Metaphors of Life Journal: Random Bugs, Corrupted Messages and Sensory Deprivation

Filed in Gather Writing Essential by on June 28, 2014 0 Comments

SHIFTING WINDS

Random Bugs, Corrupted Messages

and Sensory Deprivation

Hmmm, is my car controlled by a dysfunctional family of squabbling, electronic siblings?

Confession: I am not really a car guy. My main criteria when buying a car are: reasonable price, reliability, long shelf life. It does not much matter what it looks like, how fast it will go or how many bells and whistles it boasts. In fact, the less complicated it is, the happier I am.

Unfortunately, automobiles these days are anything but simple. They are rumbling, high tech computers encased in a couple of tons of metal and glass. And like any technology driven device, they are quirky and temperamental. My 2009 Accent has a characteristic quirk. At irregular intervals, it will misfire once or twice before starting.

I asked my mechanic about the problem. He explained the role of the crankshaft and the camshaft in starting the car. Each apparently has a sensor. These sensors send and receive signals from each other. Apparently they miscommunicate randomly which causes the starting problem. It’s one of those nuisance problems you live with since it is difficult to remedy.

I could not help but imagine the two sensors communicating like squabbling siblings. I imagine it goes something like this:

Sensor 1: Ignition sequence initiated. Over.

Sensor 2: Say again? Over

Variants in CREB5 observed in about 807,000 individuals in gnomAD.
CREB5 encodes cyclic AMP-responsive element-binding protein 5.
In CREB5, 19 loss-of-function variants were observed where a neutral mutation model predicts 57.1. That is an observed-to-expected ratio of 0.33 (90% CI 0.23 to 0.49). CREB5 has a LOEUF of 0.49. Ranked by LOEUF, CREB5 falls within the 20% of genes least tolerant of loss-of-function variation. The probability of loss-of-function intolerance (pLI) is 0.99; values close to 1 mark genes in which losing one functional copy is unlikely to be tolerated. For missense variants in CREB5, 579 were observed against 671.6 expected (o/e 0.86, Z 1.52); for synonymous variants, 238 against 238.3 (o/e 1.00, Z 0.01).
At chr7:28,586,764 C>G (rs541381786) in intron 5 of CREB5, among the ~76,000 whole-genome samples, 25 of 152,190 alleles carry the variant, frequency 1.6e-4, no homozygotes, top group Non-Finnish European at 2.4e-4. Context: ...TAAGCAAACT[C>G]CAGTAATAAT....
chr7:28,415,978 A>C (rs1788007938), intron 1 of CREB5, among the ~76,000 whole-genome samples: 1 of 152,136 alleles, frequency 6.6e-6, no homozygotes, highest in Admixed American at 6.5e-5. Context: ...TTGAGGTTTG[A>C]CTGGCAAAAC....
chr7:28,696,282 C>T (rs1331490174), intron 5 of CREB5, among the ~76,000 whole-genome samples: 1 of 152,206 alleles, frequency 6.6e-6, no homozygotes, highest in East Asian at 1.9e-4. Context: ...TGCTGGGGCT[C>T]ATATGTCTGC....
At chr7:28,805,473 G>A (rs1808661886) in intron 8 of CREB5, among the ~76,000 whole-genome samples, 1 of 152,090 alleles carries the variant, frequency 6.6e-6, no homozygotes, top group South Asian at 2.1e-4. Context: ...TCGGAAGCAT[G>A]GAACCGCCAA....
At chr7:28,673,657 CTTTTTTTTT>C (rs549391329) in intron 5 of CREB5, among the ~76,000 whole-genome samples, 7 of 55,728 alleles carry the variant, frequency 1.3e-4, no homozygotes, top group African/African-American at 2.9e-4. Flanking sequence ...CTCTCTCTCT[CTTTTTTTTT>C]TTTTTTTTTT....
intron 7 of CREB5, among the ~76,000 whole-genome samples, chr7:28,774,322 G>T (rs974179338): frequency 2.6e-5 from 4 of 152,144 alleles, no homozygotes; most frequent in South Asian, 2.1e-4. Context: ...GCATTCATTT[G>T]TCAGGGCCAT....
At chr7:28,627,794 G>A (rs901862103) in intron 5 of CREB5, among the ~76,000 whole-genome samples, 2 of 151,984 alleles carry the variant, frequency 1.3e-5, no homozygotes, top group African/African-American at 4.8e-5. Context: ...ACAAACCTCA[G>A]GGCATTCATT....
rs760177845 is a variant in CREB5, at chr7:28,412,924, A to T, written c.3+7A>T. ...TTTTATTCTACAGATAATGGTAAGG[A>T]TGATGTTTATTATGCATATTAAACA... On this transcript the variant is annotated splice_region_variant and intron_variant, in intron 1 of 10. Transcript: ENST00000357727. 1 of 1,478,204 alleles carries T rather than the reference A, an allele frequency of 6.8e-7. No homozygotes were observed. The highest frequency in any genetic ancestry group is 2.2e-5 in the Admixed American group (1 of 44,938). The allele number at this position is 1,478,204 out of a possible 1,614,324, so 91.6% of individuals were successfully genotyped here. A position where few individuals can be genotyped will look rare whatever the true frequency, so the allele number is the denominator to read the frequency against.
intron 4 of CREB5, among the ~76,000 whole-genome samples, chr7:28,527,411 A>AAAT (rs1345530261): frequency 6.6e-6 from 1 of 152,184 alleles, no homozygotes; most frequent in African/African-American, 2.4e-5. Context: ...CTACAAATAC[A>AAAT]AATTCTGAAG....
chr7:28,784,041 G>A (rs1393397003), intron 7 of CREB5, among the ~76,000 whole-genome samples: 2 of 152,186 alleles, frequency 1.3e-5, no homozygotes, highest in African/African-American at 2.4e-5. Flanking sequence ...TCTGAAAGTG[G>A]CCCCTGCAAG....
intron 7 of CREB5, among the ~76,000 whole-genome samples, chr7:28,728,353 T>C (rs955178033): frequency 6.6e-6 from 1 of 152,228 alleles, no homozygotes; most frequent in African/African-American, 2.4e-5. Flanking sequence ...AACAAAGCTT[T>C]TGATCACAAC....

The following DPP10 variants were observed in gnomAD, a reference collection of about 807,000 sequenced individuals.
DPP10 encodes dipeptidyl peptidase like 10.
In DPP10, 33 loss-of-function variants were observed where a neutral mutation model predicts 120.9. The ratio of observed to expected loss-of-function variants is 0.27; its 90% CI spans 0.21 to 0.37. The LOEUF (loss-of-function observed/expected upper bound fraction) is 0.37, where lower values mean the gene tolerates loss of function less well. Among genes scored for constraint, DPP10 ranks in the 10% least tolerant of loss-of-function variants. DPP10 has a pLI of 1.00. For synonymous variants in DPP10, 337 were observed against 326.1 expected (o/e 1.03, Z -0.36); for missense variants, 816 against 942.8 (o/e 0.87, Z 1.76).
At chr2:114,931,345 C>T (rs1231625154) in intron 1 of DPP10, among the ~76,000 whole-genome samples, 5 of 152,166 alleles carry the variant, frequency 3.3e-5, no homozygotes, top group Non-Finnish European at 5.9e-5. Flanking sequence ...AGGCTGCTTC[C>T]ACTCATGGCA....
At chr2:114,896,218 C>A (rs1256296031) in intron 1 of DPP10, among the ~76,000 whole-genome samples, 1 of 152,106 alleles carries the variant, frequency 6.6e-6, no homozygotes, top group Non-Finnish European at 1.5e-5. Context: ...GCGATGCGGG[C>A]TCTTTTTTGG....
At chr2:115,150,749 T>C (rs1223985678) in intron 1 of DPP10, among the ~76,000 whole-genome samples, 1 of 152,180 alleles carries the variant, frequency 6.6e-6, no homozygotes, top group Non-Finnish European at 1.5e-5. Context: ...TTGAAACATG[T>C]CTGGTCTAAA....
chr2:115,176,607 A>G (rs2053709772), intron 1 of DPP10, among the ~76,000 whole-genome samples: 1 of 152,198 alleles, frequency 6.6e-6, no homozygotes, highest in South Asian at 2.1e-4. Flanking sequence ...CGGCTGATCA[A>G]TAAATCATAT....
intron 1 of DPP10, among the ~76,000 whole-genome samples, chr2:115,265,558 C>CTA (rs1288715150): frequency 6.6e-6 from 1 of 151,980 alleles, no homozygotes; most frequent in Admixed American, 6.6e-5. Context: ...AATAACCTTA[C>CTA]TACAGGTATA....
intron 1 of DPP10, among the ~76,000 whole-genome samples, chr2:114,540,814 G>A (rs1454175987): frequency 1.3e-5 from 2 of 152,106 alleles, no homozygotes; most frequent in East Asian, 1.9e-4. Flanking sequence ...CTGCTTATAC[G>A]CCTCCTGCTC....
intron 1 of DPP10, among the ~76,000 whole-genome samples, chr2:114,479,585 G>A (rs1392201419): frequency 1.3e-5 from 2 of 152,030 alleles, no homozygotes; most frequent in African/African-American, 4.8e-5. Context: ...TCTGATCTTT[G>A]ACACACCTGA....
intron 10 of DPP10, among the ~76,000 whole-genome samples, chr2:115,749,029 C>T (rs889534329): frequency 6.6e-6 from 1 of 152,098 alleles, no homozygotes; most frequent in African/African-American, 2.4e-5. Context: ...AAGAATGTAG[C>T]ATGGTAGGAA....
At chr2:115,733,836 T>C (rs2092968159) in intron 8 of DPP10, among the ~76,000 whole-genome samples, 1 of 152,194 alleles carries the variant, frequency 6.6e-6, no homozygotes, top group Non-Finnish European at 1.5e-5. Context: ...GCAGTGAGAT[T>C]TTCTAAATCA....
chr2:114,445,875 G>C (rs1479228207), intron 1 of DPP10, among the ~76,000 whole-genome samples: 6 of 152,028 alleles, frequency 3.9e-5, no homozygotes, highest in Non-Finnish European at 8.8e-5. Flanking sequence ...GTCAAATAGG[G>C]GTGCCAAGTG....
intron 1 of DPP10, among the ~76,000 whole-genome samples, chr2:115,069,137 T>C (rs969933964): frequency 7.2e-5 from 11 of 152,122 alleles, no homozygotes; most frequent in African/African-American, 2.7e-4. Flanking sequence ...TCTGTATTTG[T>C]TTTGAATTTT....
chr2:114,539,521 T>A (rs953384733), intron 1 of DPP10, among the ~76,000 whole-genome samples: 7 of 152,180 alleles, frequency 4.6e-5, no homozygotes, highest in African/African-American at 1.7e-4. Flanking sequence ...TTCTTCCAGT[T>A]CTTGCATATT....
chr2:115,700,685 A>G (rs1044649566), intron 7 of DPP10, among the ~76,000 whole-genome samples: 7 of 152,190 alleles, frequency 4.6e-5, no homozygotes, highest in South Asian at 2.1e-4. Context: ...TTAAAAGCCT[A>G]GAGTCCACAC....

Sensor 1: Dumbass! I said: ignition sequence initiated. But now we’re stalled. Over.

Sensor 2: Not my fault. The message was corrupted. Over.

Sensor 1: You always say that! What a screw-up. You need to be replaced. Over.

Sensor 2: Nothing wrong with me, bud. You need to be recalibrated. Over.

Sensor 1: No, you need to be reprogrammed. Over.

Sensor 2: Do not! Over.

Sensor 1: Do so! Over.

Sensor 2: Do not! Over.

Sensor 1: Ah, should the guy behind the wheel be turning purple? Over.

Sensor 2: That could be problematic. He may blow a gasket. Let’s try again. Over.

Sensor 1: Ignition sequence initiated. Over.

Sensor 2: Message received. Ignition confirmed. Vehicle is running.

Sensor 1: You’re still a dumbass. Over.

Sensor 2: Bite me. Over and out.

I long for the good old days before cars came bundled with software that the engineers are not able to debug before production begins. There are now cars that can park themselves. But you just know that at some point the parking module is going to malfunction. Picture yourself trying to convince the cop it was not your fault.

“Honestly, officer, the car was parking itself. It suddenly accelerated and went over the curb, sideswiped the parking meter, took out the little old lady and crashed through the coffee shop window. There was nothing I could do.”

I view my car as an expensive necessity for getting me from Point A to Point B. But I’m forced to concede that it is also a rolling metaphor for the technology dependant world in which we live. We are at the mercy of high tech devices that squabble and miscommunicate, often without rhyme or reason. It gives sensory deprivation a whole new meaning.

~ Michael Robert Dyet is the author of “Until the Deep Water Stills – An Internet-enhanced Novel” – double winner in the Reader Views Literary Awards 2009. Visit Michael’s website at www.mdyetmetaphor.comor the novel online companion at www.mdyetmetaphor.com/blog.

~ Subscribe to “Michael’s Metaphors of Life Journal aka Things That Make Me Go Hmmm” at its’ internet home www.mdyetmetaphor.com/blog2. Instructions for subscribing are provided in the “Subscribe to this Blog: How To” instructions page in the right sidebar. If you’re reading this post on another social networking site, come back regularly to my page for postings once a week.

 

About the Author ()

I am The Metaphor Guy. Novelist, closet philosopher, chronicler of life’s mysteries – all through the lens of metaphor.Double award winner in the Reader Views Literary Awards 2009: 1. Canada East Region Winner 2. Writers in the Sky Aw

Leave a Reply